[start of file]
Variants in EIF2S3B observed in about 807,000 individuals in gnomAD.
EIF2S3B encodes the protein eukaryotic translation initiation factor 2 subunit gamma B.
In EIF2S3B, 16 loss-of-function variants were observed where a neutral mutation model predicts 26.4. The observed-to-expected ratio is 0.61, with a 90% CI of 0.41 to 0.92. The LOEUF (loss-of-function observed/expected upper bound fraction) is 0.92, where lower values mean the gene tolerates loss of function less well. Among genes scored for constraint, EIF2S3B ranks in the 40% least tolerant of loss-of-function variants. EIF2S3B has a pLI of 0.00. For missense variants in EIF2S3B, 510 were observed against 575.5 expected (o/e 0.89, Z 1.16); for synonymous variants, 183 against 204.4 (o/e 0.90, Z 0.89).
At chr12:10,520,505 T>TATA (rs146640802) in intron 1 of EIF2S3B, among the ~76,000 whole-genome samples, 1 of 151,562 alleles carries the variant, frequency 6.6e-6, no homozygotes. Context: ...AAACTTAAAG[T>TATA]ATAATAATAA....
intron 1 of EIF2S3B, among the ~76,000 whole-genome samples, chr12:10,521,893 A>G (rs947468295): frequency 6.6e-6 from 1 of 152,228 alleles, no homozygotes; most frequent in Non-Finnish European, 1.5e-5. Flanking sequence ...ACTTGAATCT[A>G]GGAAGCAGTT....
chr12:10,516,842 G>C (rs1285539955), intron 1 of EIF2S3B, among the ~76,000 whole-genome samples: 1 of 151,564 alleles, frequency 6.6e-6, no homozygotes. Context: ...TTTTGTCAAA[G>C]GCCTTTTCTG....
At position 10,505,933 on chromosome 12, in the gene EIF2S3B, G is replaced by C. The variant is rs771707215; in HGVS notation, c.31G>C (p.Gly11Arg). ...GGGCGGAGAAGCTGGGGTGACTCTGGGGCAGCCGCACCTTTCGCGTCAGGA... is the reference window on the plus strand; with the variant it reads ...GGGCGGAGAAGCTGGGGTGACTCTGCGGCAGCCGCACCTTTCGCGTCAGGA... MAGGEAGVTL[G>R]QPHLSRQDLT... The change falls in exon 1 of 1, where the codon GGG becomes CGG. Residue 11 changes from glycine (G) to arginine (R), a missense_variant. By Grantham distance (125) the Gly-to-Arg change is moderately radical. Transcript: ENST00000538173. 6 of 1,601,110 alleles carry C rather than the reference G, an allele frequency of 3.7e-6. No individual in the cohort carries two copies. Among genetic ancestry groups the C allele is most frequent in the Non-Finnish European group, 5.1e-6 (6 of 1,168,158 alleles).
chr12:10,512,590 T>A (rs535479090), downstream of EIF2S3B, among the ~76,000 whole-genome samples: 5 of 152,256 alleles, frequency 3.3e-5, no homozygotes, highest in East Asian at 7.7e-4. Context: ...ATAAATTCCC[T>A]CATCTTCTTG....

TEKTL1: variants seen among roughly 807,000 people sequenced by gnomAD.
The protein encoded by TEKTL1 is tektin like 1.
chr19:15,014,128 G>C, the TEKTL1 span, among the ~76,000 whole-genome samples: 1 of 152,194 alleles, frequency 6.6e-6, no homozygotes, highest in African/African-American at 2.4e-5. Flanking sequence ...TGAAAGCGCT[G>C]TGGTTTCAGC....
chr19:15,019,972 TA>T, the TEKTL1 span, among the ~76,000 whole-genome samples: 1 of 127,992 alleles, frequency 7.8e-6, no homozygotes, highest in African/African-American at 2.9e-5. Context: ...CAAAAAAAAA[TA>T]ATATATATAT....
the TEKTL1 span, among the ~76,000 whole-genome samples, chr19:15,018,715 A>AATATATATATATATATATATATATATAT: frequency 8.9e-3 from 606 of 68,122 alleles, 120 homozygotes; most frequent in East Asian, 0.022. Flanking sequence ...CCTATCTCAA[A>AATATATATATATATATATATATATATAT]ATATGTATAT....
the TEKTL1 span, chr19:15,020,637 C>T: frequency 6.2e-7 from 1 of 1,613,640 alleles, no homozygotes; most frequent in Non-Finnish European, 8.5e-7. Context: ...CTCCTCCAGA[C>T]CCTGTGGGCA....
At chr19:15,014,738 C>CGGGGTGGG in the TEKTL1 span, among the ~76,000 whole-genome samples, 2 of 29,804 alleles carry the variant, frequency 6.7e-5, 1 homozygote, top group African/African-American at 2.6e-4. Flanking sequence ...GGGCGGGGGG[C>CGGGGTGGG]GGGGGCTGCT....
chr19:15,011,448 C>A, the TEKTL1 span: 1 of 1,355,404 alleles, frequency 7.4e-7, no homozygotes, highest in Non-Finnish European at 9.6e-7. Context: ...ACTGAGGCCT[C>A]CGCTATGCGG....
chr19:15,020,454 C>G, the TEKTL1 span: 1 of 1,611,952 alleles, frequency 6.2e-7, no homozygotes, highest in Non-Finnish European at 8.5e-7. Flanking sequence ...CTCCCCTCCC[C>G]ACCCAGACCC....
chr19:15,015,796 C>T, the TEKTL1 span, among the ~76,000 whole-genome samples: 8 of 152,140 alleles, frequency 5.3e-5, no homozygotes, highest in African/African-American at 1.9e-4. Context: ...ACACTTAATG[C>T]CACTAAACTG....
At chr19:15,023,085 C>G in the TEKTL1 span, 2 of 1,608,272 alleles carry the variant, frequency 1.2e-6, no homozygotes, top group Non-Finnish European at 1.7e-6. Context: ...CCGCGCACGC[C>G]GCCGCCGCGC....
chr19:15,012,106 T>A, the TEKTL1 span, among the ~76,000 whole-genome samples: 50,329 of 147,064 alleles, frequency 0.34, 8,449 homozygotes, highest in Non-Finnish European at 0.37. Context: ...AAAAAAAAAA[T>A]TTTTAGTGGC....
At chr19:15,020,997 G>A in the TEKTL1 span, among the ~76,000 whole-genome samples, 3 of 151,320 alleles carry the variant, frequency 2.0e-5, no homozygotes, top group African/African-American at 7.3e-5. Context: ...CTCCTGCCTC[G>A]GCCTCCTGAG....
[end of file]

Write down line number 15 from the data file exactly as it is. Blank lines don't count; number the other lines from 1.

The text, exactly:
At chr19:15,014,738 C>CGGGGTGGG in the TEKTL1 span, among the ~76,000 whole-genome samples, 2 of 29,804 alleles carry the variant, frequency 6.7e-5, 1 homozygote, top group African/African-American at 2.6e-4. Flanking sequence ...GGGCGGGGGG[C>CGGGGTGGG]GGGGGCTGCT....